CACC Marine Tech

Cliff Williams / The Outlook More and more boating increases the demand for marine techs. Central Alabama Community College is hoping to solve part of the problem with its new marine tech program designed to supply people trained to deal with boat setup and maintenence.

The first crop of marine service technicians certified in Alabama will come from Central Alabama Community College.

CACC’s marine tech program is starting class June 1 and will have its first certified marine technicians in three semesters. The program will supply much needed individuals for local marinas and boat service centers in the area and beyond.

“Each week interest has been growing,” CACC marine tech instructor Will Holt said. “There is not a marina or service center I spoke to that didn’t need technicians.”

The idea of a marine tech program has been in the works for more than a year. Officials at CACC have visited other programs they would like to emulate in Florida. CACC has developed a multiyear program that will include classes on marine engines and drives; marine engines and outboard drives; marine engines and inboard drives; marine engines and stern drives; jet drives; marine rigging and trailers; fuel and lubrication systems and electrical systems and diagnostics.

They are sending people to get certified.

Holt said the first three semesters will cover a lot of the basics.

“We will get them used to the functions of the boat,” Holt said. “We will cover DC fundamentals; it’s wiring. If you are going to work on a boat it’s wiring. Everything is electronic nowadays.”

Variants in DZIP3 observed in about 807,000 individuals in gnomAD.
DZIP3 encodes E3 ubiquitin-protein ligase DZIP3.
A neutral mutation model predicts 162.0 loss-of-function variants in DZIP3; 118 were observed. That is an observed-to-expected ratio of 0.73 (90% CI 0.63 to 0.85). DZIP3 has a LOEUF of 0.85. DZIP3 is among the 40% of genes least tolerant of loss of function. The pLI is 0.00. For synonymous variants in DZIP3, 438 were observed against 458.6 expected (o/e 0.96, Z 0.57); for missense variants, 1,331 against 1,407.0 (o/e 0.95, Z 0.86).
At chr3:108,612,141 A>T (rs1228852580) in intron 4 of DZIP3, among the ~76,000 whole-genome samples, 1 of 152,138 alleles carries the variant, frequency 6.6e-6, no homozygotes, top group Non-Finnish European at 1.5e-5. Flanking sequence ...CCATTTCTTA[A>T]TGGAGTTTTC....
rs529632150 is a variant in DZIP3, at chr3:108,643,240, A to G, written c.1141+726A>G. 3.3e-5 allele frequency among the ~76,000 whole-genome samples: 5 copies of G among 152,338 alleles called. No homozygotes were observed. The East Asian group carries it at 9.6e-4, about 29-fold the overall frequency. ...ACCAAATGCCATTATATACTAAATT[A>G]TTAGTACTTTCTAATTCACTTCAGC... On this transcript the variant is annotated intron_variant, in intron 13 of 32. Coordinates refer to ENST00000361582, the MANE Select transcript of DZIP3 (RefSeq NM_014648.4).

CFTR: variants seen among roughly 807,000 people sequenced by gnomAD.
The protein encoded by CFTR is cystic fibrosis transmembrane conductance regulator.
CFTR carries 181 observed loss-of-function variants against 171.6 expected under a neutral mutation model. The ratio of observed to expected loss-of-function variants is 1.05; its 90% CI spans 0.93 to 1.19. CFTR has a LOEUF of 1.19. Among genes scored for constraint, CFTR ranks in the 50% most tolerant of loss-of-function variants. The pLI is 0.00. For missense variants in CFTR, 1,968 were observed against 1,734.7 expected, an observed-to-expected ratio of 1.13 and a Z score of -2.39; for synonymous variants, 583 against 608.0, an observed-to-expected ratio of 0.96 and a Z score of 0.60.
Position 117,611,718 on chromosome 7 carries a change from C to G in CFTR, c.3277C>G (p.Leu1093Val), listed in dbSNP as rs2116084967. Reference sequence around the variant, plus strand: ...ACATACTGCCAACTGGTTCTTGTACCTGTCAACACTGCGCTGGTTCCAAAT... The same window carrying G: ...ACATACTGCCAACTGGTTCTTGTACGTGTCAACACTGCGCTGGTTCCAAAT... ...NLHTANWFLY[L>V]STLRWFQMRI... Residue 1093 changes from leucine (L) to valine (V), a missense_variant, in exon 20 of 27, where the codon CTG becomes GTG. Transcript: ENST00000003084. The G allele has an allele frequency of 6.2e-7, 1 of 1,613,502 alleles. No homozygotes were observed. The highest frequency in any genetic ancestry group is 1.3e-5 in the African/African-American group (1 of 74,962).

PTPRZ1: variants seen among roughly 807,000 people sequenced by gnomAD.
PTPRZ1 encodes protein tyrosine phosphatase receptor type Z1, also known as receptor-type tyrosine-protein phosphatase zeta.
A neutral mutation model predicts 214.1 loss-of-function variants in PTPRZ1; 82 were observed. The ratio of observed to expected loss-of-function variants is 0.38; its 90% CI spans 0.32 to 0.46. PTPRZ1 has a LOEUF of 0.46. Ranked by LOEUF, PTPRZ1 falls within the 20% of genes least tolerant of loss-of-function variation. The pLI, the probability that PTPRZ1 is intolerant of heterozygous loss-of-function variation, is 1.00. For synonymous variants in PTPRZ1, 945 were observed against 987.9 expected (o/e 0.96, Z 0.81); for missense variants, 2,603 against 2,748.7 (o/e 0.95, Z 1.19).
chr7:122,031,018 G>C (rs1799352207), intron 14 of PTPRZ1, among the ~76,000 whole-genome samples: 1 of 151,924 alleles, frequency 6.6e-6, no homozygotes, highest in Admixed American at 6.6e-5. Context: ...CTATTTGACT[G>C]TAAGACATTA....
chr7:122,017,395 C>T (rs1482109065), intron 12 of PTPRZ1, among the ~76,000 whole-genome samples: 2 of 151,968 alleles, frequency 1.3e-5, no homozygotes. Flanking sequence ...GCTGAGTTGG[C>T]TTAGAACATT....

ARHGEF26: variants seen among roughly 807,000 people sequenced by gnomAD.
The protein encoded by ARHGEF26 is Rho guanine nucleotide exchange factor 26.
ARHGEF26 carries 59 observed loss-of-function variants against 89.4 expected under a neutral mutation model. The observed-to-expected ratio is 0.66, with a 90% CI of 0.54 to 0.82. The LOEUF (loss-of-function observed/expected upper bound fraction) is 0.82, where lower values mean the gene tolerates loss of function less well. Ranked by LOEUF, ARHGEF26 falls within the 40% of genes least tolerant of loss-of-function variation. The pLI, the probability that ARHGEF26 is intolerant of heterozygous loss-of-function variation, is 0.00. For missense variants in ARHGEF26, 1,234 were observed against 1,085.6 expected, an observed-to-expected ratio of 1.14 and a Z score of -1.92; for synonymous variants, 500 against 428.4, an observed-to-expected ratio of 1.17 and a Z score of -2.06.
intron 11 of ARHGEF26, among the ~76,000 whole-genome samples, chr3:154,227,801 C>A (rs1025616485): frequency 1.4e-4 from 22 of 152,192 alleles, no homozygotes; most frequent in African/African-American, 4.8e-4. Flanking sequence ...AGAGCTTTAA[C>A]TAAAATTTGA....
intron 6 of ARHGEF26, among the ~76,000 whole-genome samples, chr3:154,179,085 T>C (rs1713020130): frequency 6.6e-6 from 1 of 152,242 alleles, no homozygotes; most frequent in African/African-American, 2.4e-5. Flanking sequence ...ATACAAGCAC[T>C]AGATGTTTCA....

Holt said many other things will be covered from basic maintenance of a boat to working with diagnostics to be able to read data to help with repairs.

At the end of a year, Holt said students will get a 1-year industry certification.

Holt is no stranger to CACC who has been employed in the school’s maintenance department for eight years. Holt also has extensive experience with boats.

“I started off in small engines when I was old enough to be able to,” Holt said. “I have always been working on motors. I have worked on boats most of my life during summers and on weekends. I’m used to engine repair and some fiberglass work.”

Holt is readying a shop to teach from starting June 1, but potential students can’t just show up June 1. Potential students have to fill out an application on CACC’s website but can be facilitated by calling Holt at 256-215-4411 or calling Linda Williams at 256-215-4276.

To start with the program is not accredited so the hours in class of the marine tech program can not be applied to an associate’s degree but the goal is to get accredited in the future to allow that.

Holt said he expects the classroom to be full come June 1 despite the short time frame.

“There has also been a lot of interest in people wanting to do this on their own,” Holt said. “We have spoken to some of the area marine companies with marinas. They are planning on sending people to the program as well. I think we will have more demand for it.”

Cliff Williams is a staff writer for Tallapoosa Publishers.